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In other words, copyright continues for 50 years after a photograph is taken. Hmmm, I guess I did break the law.

Margaret
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Old 08-02-2002, 03:30 PM
TheTexan TheTexan is offline
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There are several issues here related to artistic and creative properties. One is the almost universally applicable rule of archival for protective and personal purposes.
With software, written and I believe artistic property the owner is entitled an archival copy. This is one of the things Im currious about. Second is the process of restoration. One is entitled to the repair of physical property even though the intelectual ownership is someone elses. For example, when you fix your computer you are repairing numerous items each protected by patents. When a museum restores a piece of artwork or archives it with high definition digital copies they are duplicating the intelectual property of another. Now, how does this apply to what we do? Good question. That's why I asked it.

Many studios give the negatives to the clients. Does this imply permission for reproduction or even actually transfer ownership of copyright. Is the copyright dependent on who owns the negatives? I wouldn't think so.

It seems that this would be of paramount importance to anyone who intends to make money in this business which I do. Maybe someone knows where the rules can be found. Interesting quandry.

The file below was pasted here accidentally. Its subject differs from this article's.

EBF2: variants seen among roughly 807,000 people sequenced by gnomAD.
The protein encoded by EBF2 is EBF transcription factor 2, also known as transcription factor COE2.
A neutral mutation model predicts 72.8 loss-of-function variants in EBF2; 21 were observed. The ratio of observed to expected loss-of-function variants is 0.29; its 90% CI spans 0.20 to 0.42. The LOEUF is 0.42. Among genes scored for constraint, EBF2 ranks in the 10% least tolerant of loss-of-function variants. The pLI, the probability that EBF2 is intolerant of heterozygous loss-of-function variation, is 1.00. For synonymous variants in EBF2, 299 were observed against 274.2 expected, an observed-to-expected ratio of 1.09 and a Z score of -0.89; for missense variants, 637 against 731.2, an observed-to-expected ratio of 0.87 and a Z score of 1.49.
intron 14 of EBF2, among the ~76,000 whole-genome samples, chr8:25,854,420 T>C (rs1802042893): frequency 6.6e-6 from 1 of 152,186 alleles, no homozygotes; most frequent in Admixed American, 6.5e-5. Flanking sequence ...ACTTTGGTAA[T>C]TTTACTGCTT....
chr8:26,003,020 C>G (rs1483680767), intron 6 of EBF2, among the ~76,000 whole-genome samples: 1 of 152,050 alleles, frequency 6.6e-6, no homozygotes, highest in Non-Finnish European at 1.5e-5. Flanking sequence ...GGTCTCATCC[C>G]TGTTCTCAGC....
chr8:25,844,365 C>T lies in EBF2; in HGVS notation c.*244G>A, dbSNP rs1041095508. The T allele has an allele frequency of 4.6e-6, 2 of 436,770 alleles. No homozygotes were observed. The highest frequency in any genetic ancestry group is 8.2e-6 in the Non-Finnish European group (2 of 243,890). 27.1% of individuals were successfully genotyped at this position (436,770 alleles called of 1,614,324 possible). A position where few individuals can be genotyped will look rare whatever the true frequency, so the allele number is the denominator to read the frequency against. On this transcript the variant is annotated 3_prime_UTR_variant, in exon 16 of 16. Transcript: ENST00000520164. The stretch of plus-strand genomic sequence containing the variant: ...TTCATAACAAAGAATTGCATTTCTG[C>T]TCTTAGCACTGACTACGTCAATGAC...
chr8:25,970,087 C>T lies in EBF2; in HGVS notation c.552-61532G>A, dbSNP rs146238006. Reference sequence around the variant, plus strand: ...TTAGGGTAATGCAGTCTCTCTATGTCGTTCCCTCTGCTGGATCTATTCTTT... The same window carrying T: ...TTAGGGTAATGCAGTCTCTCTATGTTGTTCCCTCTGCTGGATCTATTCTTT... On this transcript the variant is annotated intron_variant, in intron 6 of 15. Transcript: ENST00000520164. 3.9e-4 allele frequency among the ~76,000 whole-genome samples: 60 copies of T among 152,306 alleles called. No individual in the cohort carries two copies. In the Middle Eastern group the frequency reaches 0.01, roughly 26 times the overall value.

Tex
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Old 08-02-2002, 03:41 PM
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Ed_L Ed_L is offline
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We've had copyright threads on this site before. Katrin Eismann has links to copyright information on her site. The only problem, as I see it, is that it would take a short lifetime to just read the copyright laws. Then it would take a longer lifetime to properly decode the laws for your use. To be safe, it would probably be wise to spend a few bucks to get an attorney's interpretation on how the laws apply to you (preferably in writing that's easy for dummies like us to understand).

Ed
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Old 08-02-2002, 04:30 PM
TheTexan TheTexan is offline
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Can you point me to some of those threads please.

Tex
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Old 08-02-2002, 05:05 PM
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winwintoo winwintoo is offline
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Here's a link to US copyright laws:

http://www.copyright.gov/title17/

It looks like copyright exists 70 years after the death of the copyright originator in the US. It is 50 years in Canada.

In Canada the copyright of a photograph is 50 years after it is originally made, there doesn't seem to be a distinction in the US law between photographs and other copyrightable property.

In the Canadian law I quoted in an earlier post, it mentions the requirement for the copyright symbol and the name of the copyright holder to appear somewhere on the copyrighted property. Absense of the copyright symbol would not void a copyright, but if it is present, I would steer far clear of touching it - unless as someone else suggested, I could use the information and locate the originator and get their permission to work on the piece.

Hope this helps,
Margaret
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  #10  
Old 08-02-2002, 05:22 PM
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Ed_L Ed_L is offline
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This was the only one I could find on our forums, although I'm sure there have been others. Copyright issues have been discussed before, but they might be buried in other threads. Sorry I didn't find more for you. I did a search of all forums, and came up with several hits, but maybe I missed the posts I was looking for.

Ed